Region of the Russian Federation: Tomsk Region

Status of Territories composing the Site:
Vasyugansky Regional Preserve

Status: inscribed in the Tentative List of the Russian Federation in 2007

Area: 509,000 ha

Vasyugan Mire (swamp) is one of the largest swamps in the world located in the interfluve of the Ob and Irtysh Rivers on the territory of the Vasyugan plain situated in the limits of Tomsk, Novosibirsk and Omsk Regions. It is a natural phenomenon that has no analogues in the world. The total area of the swamp is about 53 thousand square kilometers. Its extent from West to East is 573 kilometers, from North to South - 320 kilometers.

Vasyugan Mire appeared nearly 10 thousand years ago and from that time they constantly increase. 75 % of their contemporary area became waterlogged less than 500 years ago. The swamp is the main source of fresh water in the region (water reserves here are equal to 400 km³). Nearly 800 thousand of small lakes are located here. The great number of rivers spring from the swamp.

The swamp is located in the transitional belt between small-leaved forests subzone and zone of the Southern taiga.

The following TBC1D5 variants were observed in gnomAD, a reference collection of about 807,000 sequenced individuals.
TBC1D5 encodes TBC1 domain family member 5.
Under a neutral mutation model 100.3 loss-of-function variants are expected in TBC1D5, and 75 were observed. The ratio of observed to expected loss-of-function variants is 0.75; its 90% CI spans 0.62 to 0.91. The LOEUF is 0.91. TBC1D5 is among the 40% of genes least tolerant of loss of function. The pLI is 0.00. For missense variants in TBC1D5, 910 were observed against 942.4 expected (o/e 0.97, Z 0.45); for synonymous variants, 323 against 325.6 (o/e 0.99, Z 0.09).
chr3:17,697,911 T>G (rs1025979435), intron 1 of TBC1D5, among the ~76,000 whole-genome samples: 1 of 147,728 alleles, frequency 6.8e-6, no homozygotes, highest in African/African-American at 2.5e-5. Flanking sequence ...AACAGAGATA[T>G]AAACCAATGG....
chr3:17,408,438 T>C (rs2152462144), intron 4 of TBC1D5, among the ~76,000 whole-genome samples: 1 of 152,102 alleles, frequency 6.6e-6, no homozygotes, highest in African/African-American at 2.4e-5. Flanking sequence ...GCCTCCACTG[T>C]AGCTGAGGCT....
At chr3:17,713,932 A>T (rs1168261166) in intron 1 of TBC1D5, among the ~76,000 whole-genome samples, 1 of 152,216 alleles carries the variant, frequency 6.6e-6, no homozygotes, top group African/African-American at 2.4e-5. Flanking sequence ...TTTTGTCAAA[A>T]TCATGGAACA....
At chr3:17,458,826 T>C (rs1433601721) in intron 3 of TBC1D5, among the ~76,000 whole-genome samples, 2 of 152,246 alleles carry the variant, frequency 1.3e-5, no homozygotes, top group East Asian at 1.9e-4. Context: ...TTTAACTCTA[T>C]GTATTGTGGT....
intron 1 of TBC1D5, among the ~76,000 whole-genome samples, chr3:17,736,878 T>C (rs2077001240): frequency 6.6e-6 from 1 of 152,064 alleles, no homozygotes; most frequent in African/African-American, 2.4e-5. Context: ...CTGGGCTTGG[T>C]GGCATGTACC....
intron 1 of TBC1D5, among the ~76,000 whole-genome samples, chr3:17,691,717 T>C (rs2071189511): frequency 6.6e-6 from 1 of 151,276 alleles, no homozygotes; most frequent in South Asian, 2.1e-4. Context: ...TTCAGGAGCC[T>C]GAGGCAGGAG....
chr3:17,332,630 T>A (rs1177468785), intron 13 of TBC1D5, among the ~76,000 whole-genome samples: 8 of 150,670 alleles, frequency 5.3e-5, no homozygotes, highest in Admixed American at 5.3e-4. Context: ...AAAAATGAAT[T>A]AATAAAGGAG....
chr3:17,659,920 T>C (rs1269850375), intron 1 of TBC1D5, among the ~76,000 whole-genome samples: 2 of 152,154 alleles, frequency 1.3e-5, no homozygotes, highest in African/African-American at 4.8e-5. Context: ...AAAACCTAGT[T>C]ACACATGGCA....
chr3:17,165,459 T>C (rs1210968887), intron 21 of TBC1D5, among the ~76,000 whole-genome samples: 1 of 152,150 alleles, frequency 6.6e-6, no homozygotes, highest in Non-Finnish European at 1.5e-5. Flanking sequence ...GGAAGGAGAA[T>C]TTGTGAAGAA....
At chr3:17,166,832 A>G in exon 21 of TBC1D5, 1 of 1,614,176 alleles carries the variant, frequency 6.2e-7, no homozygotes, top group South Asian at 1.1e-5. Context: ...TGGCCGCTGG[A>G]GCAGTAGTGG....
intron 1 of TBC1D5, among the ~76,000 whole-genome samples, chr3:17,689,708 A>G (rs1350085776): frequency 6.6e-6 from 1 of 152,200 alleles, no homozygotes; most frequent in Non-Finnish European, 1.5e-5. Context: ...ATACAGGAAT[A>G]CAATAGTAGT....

The swamp contains huge reserves of peat and counteracts to the green-house effect, because it fixes the carbon. The prospected peat reserves make up more than 1 billion tones, their middle depth of bedding is 2.4 meters, and maximum is 10 meters.

Vasyugan Mire is a home for a numerous local fauna including the rare species. Such rare animal species as reindeer, golden eagle, white-tailed eagle, fish hawk, great grey shrike and peregrine inhabit the swamp in particular. There is a big number of squirrel, elk, sable, wood grouse, willow grouse, hazel-grouse, black grouse and smaller number of mink, otter and glutton. Flora also includes rare and endangered species of plants and plant communities. Cranberries, bog bilberries, cloudberries are widely spread among wild plants.

Lack of settlements on this difficult of access territory provides high level of eco-systems safety and of their biological diversity.